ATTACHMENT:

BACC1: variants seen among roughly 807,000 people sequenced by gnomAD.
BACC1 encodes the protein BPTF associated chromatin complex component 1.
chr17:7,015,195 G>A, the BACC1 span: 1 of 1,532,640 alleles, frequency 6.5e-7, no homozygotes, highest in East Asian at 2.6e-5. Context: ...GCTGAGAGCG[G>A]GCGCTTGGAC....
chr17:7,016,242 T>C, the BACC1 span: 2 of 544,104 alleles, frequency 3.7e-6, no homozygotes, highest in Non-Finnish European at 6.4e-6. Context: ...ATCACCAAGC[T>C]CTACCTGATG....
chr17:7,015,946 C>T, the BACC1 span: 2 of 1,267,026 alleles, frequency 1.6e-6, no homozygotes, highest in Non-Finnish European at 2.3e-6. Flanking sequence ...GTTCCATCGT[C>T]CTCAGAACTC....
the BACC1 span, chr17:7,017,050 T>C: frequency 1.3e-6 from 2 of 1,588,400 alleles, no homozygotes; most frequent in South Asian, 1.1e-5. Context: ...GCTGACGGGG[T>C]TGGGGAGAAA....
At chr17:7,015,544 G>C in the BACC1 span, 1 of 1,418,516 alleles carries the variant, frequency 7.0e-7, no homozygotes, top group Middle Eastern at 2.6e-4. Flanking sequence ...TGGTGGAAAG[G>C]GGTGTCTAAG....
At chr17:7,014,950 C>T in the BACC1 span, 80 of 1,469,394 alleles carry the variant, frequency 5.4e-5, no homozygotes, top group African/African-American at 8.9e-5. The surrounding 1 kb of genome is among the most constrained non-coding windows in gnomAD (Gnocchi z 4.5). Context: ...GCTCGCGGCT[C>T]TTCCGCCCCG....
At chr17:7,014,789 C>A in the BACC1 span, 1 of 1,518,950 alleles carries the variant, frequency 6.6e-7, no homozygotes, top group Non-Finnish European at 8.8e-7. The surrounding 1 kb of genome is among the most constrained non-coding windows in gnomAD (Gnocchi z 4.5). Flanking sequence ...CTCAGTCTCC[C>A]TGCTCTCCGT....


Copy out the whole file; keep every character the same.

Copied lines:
BACC1: variants seen among roughly 807,000 people sequenced by gnomAD.
BACC1 encodes the protein BPTF associated chromatin complex component 1.
chr17:7,015,195 G>A, the BACC1 span: 1 of 1,532,640 alleles, frequency 6.5e-7, no homozygotes, highest in East Asian at 2.6e-5. Context: ...GCTGAGAGCG[G>A]GCGCTTGGAC....
chr17:7,016,242 T>C, the BACC1 span: 2 of 544,104 alleles, frequency 3.7e-6, no homozygotes, highest in Non-Finnish European at 6.4e-6. Context: ...ATCACCAAGC[T>C]CTACCTGATG....
chr17:7,015,946 C>T, the BACC1 span: 2 of 1,267,026 alleles, frequency 1.6e-6, no homozygotes, highest in Non-Finnish European at 2.3e-6. Flanking sequence ...GTTCCATCGT[C>T]CTCAGAACTC....
the BACC1 span, chr17:7,017,050 T>C: frequency 1.3e-6 from 2 of 1,588,400 alleles, no homozygotes; most frequent in South Asian, 1.1e-5. Context: ...GCTGACGGGG[T>C]TGGGGAGAAA....
At chr17:7,015,544 G>C in the BACC1 span, 1 of 1,418,516 alleles carries the variant, frequency 7.0e-7, no homozygotes, top group Middle Eastern at 2.6e-4. Flanking sequence ...TGGTGGAAAG[G>C]GGTGTCTAAG....
At chr17:7,014,950 C>T in the BACC1 span, 80 of 1,469,394 alleles carry the variant, frequency 5.4e-5, no homozygotes, top group African/African-American at 8.9e-5. The surrounding 1 kb of genome is among the most constrained non-coding windows in gnomAD (Gnocchi z 4.5). Context: ...GCTCGCGGCT[C>T]TTCCGCCCCG....
At chr17:7,014,789 C>A in the BACC1 span, 1 of 1,518,950 alleles carries the variant, frequency 6.6e-7, no homozygotes, top group Non-Finnish European at 8.8e-7. The surrounding 1 kb of genome is among the most constrained non-coding windows in gnomAD (Gnocchi z 4.5). Flanking sequence ...CTCAGTCTCC[C>A]TGCTCTCCGT....